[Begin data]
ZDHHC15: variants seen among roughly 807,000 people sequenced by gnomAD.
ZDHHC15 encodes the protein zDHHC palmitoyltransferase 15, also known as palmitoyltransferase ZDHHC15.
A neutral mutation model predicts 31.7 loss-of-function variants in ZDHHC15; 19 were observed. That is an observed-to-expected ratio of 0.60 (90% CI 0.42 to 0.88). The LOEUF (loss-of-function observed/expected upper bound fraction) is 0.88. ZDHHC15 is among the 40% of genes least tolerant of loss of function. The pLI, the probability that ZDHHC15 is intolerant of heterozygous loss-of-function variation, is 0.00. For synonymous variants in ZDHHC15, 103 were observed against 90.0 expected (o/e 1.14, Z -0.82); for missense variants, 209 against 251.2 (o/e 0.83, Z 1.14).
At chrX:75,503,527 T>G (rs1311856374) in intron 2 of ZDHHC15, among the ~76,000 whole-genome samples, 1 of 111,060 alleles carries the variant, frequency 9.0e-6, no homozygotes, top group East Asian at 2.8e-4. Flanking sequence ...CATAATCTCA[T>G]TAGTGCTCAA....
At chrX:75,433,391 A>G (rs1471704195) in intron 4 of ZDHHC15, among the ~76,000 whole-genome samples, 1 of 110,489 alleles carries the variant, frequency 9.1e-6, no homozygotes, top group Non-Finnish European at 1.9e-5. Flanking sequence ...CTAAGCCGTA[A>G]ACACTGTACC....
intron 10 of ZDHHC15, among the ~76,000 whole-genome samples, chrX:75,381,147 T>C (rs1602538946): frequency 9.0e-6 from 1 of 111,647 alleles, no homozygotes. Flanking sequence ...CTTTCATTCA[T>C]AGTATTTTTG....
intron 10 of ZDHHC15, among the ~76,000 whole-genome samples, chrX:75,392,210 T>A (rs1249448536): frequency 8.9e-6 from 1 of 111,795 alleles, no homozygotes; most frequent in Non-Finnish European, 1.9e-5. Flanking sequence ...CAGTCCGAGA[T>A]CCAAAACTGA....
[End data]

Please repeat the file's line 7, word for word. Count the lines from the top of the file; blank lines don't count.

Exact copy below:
intron 10 of ZDHHC15, among the ~76,000 whole-genome samples, chrX:75,392,210 T>A (rs1249448536): frequency 8.9e-6 from 1 of 111,795 alleles, no homozygotes; most frequent in Non-Finnish European, 1.9e-5. Flanking sequence ...CAGTCCGAGA[T>A]CCAAAACTGA....